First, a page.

As Middle East peace efforts go through another round of failure, information published by Newsweek magazine indicates that Israel has been conducting spying activities in the US. Although the main targets are industrial and technical secrets, they have a connection to national security that makes these activities by a U.S. ally highly reprehensible.
This is not the first time that Israel’s spying on the U.S. has caught international attention. In 1987, the American Jonathan Jay Pollard was convicted for life for passing classified information to Israel. Israel, however, denied until 1998 that it had bought classified information from him. He did that while working as a civilian intelligence analyst.
Israel leaders have apologized to the US for Pollard’s actions. In assessing them, the CIA concluded in 1987 that Pollard, rather than collecting information on U.S. military activities, had rather collected US intelligence on the weapons capability of Arab states, Pakistan and the Soviet Union.
However, prior to his sentencing, Pollard stated that although his motives “may have been well meaning, they cannot, under any stretch of the imagination, excuse or justify the violation of the law, particularly one that involves the trust of government…I broke trust, ruined and brought disgrace to my family.” On March 4, 1987, Pollard was sentenced to life in prison on one count of espionage.
In characterizing the current industrial and technical espionage activities, a former congressional staffer quoted by Newsweek, stated recently, “No other country close to the United States continues to cross the line on espionage like the Israelis do.” Those activities go far beyond what other U.S. close allies such as France, Germany, Great Britain or Japan do, according to some U.S. intelligence agents.
Avigdor Lieberman, Israel’s Foreign Minister angrily rejected the accusations against the Israeli government. “We’re talking about lies and falsehoods, simply libel which is baseless and unfounded,” he declared. Adding that his country is not involved in any form of espionage against the United States, either in a direct or indirect way, Lieberman said that Israel “had learned its lesson” from the Pollard case.
Yuval Steinitz, Israel’s minister of intelligence and strategic affairs supports Lieberman’s position. “Israel took a decision 30 years ago and has upheld it ever since, not to spy against the United States, not to recruit agents in the U.S., not to gather intelligence in the U.S.,” he declared.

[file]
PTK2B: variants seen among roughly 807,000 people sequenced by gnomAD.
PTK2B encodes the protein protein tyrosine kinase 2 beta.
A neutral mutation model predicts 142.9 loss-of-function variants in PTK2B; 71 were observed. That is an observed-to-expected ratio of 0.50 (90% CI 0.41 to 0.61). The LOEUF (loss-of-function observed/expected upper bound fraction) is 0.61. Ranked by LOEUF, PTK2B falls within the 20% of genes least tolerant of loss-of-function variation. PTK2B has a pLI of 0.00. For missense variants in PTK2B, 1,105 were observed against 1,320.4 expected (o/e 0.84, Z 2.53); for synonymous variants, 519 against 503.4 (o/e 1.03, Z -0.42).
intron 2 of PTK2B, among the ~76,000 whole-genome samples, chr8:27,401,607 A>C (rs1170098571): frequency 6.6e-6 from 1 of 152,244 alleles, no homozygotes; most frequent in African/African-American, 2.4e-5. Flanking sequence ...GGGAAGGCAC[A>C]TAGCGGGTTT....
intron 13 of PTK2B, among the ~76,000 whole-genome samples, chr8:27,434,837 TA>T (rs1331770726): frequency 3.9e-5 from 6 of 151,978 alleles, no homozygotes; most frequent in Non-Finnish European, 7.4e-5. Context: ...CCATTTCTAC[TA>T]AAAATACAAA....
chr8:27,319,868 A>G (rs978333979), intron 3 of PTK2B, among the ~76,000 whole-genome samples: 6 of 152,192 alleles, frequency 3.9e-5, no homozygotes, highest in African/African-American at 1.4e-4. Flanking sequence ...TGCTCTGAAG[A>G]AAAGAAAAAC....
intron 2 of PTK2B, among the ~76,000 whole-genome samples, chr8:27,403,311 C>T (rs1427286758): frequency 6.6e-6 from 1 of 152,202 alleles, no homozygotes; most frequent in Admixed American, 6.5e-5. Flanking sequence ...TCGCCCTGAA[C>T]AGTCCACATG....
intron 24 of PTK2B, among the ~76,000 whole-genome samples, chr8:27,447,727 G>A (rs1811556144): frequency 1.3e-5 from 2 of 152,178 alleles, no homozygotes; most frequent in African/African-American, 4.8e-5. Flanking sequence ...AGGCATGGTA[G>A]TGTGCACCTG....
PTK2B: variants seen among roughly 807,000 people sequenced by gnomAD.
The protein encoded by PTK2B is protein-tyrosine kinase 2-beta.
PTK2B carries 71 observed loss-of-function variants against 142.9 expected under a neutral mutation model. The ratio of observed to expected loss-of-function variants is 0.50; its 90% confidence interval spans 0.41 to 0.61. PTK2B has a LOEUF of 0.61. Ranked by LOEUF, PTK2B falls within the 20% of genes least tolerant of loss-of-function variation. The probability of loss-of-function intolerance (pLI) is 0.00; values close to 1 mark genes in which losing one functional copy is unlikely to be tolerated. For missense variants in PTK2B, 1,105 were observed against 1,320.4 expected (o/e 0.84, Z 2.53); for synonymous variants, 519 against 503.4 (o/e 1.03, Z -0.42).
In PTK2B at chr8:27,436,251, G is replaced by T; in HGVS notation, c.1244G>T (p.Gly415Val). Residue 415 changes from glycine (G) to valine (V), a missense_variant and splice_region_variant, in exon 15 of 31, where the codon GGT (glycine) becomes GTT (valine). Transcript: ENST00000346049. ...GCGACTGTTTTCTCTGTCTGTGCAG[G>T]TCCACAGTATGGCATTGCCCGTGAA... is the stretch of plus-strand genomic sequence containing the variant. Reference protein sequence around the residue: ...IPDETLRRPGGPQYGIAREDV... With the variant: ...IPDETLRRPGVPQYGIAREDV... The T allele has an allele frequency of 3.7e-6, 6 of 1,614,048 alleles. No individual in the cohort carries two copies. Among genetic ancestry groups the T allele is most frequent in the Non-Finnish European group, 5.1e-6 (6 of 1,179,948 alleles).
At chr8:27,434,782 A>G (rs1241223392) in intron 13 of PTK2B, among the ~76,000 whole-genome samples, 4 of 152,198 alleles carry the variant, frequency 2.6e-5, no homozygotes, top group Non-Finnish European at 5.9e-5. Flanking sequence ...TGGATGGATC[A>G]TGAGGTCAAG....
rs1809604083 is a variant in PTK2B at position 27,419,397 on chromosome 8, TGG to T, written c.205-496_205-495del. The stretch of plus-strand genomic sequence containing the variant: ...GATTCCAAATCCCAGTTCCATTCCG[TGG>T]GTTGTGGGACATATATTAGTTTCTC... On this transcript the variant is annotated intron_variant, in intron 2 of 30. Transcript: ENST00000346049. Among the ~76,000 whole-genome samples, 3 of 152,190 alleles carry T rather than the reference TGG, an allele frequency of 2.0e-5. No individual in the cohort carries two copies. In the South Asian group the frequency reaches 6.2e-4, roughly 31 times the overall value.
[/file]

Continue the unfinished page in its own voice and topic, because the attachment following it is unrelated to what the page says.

As the alleged activities were going on, Israel was lobbying to be placed on the short list of countries (38 until now) whose citizens don’t need visas to visit the U.S. However, a major obstacle so far was Israel’s discriminatory and oftentimes harsh treatment of Arab Americans and Palestinians who were trying to enter Israel.
In addition, the Israeli government had failed other requirements for the program. Among those requirements were to promptly and regularly reporting lost and stolen passports, a situation of particular concern since some Iranian nationals were found to have boarded the missing Malaysia Airlines flight with stolen passports.
There is concern in the U.S. intelligence community that the visa waiver program would make it easier for Israeli spies to enter into the U.S. Paul Pillar, the CIA’s former national intelligence officer for the Near East and South Asia told Newsweek in this regard, “If we give them free rein to send people over here, how are we going to stop that? They [the Israelis] are incredibly aggressive. They are aggressive in all aspects of their relationship with the United States. Why would their intelligence relationship with us be any different?”
Former Israeli Ambassador to the U.S. Danny Ayalon also dismissed the last round of espionage reports and its effects on the visa waiver program . He said that allowing them to delay approval of the visa waiver were “inconceivable and even insulting.” What is inconceivable and even insulting, however, is that Israel would continue to conduct espionage against the country to which it owes its own existence.
Dr. Cesar Chelala is a co-winner of an Overseas Press Club of America award.